Git for the SalesLogix Developer – Installing Git

In this second post in the “Git for the SalesLogix Developer” series, we will be taking a look at how to install and configure Git. This tutorial will give you everything you need to know if you are new to Git so you can get it all set up and ready to use. In a later post we’ll look at how to use Git, but it all starts with knowing how to get started. If you haven’t yet read my first introduction post in the series, go read it first.

View the Git for the SalesLogix Developer series index

Basic Git Tools

In my last post, I detailed some of the tools you’ll be using as you work with Git. To narrow that down a bit more, in this series, we will be using the following tools:

  1. Git Extensions (this also installs mSysGit, which is the core Git system for Windows)
  2. Github (we’ll be using Github for hosting our repositories or projects)
  3. Git Extensions for SalesLogix

There are other tools out there, but in an attempt to choose the path of least resistance for a typical SalesLogix developer, these are the tools I have chosen to use for this series (and these are the tools we use for our daily Git/development workflow at Customer FX).

Video of the Installation Process

Some times it is just easier to watch someone else do something. I have put together a video that will walk you through the entire installation process from start to finish. Take a look (note, I recorded this during a thunderstorm so there are some occasional clicks/pops in the audio I wasn’t able to edit out):


Installation Steps

To set up Git on a workstation you will perform the following steps. If you’d like, you can jump below to watch a video of the entire installation process.

  1. Download and install Git Extensions (use the install labeled “complete”)
    1. Choose to install for All Users
      1. When you see the option to install mSysGit, click the button to launch the mSysGit install (see options below)
      2. For option titled “Adjusting your PATH environment”, choose the second option titled “Run Git from the Windows Command Prompt”
      3. For option titled “Choosing SSH executable”, choose to use “(Tortoise)Plink” or “PuTTY”
      4. Leave all other options as defaults
    2. If Visual Studio is installed, choose option to install Visual Studio plugin for appropriate version of Visual Studio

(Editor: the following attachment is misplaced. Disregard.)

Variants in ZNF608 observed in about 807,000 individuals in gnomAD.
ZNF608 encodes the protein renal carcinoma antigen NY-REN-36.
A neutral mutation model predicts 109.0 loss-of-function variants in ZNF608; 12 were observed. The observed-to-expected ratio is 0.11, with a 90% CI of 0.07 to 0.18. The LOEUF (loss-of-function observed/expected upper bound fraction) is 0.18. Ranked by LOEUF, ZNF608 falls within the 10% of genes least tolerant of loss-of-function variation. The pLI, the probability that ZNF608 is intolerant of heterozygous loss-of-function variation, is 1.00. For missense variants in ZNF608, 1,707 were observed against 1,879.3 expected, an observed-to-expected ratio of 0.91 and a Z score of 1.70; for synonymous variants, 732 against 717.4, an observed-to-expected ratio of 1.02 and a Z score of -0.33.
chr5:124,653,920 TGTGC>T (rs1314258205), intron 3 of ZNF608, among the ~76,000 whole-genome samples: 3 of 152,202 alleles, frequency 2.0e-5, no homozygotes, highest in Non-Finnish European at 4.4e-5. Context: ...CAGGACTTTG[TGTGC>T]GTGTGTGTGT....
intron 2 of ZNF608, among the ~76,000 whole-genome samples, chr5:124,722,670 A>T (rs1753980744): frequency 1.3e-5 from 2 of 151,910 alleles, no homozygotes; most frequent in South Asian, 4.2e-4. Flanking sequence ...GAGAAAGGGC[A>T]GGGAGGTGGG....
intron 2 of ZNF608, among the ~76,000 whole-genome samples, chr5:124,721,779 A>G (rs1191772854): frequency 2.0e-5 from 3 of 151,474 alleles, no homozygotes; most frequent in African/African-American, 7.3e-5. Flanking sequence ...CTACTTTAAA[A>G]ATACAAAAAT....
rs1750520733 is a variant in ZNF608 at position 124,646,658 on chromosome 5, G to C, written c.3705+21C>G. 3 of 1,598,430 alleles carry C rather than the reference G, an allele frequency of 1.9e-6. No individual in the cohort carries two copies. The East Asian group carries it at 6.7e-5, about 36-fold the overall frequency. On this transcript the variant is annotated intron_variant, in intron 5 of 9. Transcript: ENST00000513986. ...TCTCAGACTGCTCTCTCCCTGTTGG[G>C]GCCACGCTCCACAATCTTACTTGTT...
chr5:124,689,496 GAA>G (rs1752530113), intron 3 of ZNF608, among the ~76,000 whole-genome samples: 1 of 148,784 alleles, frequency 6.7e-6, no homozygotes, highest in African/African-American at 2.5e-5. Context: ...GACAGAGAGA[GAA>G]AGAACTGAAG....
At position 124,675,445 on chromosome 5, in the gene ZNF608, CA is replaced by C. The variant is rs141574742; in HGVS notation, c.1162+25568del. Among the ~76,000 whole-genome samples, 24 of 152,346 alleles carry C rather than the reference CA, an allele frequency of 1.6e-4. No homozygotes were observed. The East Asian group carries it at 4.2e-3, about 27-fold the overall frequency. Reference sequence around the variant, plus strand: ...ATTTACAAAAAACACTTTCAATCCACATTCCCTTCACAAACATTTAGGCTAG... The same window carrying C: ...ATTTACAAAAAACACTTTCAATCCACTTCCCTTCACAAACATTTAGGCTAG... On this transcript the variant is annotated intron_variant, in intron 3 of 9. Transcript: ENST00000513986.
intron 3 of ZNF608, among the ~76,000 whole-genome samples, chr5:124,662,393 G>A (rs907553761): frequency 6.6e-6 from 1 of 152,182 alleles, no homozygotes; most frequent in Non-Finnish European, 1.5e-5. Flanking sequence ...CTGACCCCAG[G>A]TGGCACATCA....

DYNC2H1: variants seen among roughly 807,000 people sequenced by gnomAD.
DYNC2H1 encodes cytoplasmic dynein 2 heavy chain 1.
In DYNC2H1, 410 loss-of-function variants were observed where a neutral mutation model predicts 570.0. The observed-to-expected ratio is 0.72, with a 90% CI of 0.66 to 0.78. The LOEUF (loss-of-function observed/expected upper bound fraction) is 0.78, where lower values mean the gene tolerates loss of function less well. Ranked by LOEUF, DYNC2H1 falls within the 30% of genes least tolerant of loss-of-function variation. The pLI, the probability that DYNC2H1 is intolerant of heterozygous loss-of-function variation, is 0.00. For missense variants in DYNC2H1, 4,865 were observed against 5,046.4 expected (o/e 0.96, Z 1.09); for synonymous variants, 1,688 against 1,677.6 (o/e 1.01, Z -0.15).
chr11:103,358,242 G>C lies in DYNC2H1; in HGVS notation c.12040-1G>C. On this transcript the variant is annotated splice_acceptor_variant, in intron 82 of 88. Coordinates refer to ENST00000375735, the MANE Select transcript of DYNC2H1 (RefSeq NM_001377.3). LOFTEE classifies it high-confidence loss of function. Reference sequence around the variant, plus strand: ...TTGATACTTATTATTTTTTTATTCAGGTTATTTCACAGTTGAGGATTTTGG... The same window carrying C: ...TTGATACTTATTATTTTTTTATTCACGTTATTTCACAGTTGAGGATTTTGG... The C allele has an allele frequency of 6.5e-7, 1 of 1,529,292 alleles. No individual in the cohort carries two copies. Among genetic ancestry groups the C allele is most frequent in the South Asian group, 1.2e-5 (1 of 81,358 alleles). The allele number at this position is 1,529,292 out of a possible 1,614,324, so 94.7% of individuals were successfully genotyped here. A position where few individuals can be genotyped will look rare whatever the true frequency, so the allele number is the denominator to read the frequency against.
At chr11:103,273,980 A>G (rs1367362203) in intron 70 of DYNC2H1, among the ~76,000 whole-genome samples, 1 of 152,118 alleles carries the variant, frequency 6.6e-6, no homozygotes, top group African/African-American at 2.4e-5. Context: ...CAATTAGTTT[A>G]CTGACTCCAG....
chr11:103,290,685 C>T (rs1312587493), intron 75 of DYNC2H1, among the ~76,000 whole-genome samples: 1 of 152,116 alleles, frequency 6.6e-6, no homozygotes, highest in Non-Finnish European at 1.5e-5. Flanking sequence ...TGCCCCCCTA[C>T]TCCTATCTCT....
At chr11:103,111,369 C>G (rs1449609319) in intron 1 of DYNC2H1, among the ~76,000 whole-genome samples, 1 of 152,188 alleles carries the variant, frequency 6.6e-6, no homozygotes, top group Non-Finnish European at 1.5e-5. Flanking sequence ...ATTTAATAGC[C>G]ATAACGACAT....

3. For option titled “Select SSH client” choose PuTTY (plink.exe)
  2. If you already have an SSH key pair for your account, skip to step 5, otherwise continue with step 3 to create a new SSH key pair.
  3. Open “Git GUI” from the “Git” program group
    1. Go to “Help”, then select “Show SSH Key”
    2. Click “Generate Key”
    3. Copy text (this is your public key)
    4. Go to your account on, click the Account link and go to the section titled “SSH Public Keys” and click “Add another public key”
    5. Paste in the public key and give it a name
  4. Open Git Extensions
    1. Open the Settings dialog, go to the Global Settings tab and enter your name & e-mail for “User name” and “User e-mail” (these are used for commits you make so others on the project know who made the change). Close the settings dialog.
    2. Go to the “Remotes” menu, then “PuTTY” then select “Generate or import key”
    3. In the PuTTY Key Generator dialog, select “Conversions” and “Import Key”
    4. Browse to your private key created in step 3 by browsing to “C:Documents and SettingsUser Name.sshid_rsa”
    5. Enter your passphrase for your private key
    6. Click “Save Public Key” and save in the .ssh folder and name it “putty_public”
    7. Click “Save Private Key” and save in the .ssh folder and name it “putty_private”
  5. If you already have a public/private key pair, copy these to “C:UsersUser Name.ssh” on Win7/Vista or to “C:Documents and SettingsUser Name.ssh” on Win2003/XP so they are available for use
  6. In Git Extensions, go to “Remotes”, then “PuTTY” then select “Start authentication agent” and a new icon will appear in the system tray
  7. Right-click the icon in the tray and select “Add key” and browse to the “putty_private.ppk” file in your .ssh folder.
  8. Go to the installation page for Git Extensions for SalesLogix. Click the link in step 3 to go to the install, then click the “Install” button to start the installation
    1. When the install wizard appears, you can configure a proxy if you need to (the installer checks for newer versions of Git Extensions for SalesLogix whenever you close the Application Architect and will use the proxy info to check for the update)
    2. If you’d like you can disable automatic updates
    3. Click “Install”

Next time we will start looking at how to actually use Git when developing in SalesLogix. For now, take some time to install and configure Git on your own machine so you’ll be ready.

View the Git for the SalesLogix Developer series index


Ryan Farley

Ryan Farley is the Director of Development for Customer FX and creator of He's been blogging regularly about SalesLogix since 2001 and believes in sharing with the community. He loves C#, Javascript, Python, web development, open source, and Linux. He also loves his hobby as an amateur filmmaker.

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